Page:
Book Review: The Poisonwood Bible

The Poisonwood Bible
Author: Barbara Kingsolver
Number of Pages: 543
Genre: Fiction, Historical Fiction
Where I Got It: Library

I read this book in high school as required reading, but use the term read very loosely as I did my usual wait till the last minute then skim like hell to get the general gist routine that allowed me to squeak by.

Hailey told me I should go back and read it as this is one of her all-time favorites, if not her number one fave, and she has great recommendations so I tried it. And am I ever glad I did.

The story is about the Price family who move from Georgia to the village of Kilanga in the Congo in 1959 as their father, a devout Baptist minister, has taken a job as a missionary. As the family tries to acclimate to their new and completely different lifestyle, they also must deal with the political ramifications of the Congo moving toward democracy and independence from Belgium.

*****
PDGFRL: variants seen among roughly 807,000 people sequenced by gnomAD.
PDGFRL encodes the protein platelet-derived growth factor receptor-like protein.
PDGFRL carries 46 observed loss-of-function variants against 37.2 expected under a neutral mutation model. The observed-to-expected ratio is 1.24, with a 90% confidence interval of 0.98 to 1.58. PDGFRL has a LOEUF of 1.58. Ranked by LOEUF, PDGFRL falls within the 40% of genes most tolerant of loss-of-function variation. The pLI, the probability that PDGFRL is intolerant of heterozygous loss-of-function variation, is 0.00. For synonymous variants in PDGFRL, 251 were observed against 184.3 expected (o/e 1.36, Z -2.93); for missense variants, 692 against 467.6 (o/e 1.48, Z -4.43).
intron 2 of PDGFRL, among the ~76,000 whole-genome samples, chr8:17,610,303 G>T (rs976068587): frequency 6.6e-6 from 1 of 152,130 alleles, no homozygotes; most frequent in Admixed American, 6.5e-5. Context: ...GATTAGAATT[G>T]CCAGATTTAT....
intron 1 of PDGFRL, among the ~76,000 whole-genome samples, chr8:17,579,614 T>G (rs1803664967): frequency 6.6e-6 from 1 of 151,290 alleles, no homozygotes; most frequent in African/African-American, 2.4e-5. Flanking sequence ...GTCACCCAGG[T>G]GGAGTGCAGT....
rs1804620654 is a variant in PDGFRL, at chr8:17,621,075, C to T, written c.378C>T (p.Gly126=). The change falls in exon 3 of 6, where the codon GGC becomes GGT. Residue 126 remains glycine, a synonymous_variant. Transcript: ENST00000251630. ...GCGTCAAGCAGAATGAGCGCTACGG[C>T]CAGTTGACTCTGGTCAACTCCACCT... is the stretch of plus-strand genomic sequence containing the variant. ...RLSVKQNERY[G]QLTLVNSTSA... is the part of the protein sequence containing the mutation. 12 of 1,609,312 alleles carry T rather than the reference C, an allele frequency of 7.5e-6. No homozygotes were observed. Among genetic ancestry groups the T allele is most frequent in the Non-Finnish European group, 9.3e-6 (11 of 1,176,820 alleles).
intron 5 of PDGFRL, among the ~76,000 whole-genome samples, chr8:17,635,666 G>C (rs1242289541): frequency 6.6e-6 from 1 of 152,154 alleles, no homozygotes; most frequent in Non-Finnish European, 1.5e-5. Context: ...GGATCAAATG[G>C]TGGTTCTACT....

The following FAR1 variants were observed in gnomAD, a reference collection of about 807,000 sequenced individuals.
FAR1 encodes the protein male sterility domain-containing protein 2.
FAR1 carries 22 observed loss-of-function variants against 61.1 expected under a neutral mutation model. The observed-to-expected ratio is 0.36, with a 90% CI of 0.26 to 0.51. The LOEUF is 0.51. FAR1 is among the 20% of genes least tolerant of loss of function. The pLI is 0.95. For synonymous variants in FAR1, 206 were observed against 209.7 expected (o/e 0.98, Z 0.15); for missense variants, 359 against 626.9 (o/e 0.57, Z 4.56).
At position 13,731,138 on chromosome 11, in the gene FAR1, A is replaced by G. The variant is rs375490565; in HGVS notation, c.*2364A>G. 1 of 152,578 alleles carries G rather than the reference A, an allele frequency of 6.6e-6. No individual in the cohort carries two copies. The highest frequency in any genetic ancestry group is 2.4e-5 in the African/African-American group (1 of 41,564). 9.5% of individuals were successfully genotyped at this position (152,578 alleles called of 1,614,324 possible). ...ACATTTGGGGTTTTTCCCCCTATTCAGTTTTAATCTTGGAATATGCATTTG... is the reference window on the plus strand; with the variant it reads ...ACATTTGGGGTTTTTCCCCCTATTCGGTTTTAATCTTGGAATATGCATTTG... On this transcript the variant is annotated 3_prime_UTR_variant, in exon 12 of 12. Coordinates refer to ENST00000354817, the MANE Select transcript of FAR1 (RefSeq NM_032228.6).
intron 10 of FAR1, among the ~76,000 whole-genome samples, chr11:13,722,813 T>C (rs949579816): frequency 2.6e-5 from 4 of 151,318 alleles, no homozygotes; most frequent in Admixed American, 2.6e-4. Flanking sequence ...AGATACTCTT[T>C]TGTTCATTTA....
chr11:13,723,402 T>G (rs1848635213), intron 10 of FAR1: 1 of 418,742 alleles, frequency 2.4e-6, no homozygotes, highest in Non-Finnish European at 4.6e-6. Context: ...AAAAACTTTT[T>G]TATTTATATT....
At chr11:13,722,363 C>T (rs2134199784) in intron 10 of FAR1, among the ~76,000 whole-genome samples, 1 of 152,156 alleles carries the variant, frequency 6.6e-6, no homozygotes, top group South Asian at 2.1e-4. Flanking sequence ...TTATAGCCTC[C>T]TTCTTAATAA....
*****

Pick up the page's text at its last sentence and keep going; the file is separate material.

The story is told from the point of view of all five women in the Price family: the mother Orleanna and her four daughters Rachel, Leah, Ada and Ruth May.

The writing is absolutely beautiful. While the family is struggling collectively to adapt to their new situation, each individual character has their own inner struggles to deal with. They each evolve completely differently and each have their own completely different realizations about who they are and where their life is headed. Kingsolver makes each character their own complete person, even down to 5-year-old Ruth May.

I think this book is one that you will either love or hate and I loved it. It made me laugh at certain points, it almost brought me to tears at one point, and I got a mini-history lesson out of it. At times it was a bit too long. But everything about it is really genius. Too much to describe or try to explain... you'll just have to find out for yourself.

Rating: 4.5 out of 5 stars (for being a bit too long)

Coming Up Next: Whatever You Do, Don't Run by Peter Allison
Peter Allison took a trip to Africa at the age of 19 and never left. In this memoir, Allison shares his stories as a safari guide and his encounters with the African wilderness. From charging lions to drowning his jeep in a lagoon full of hippos, these hilarious true tales takes you to where the wild things are and introduces you to a place where every day is a new adventure!

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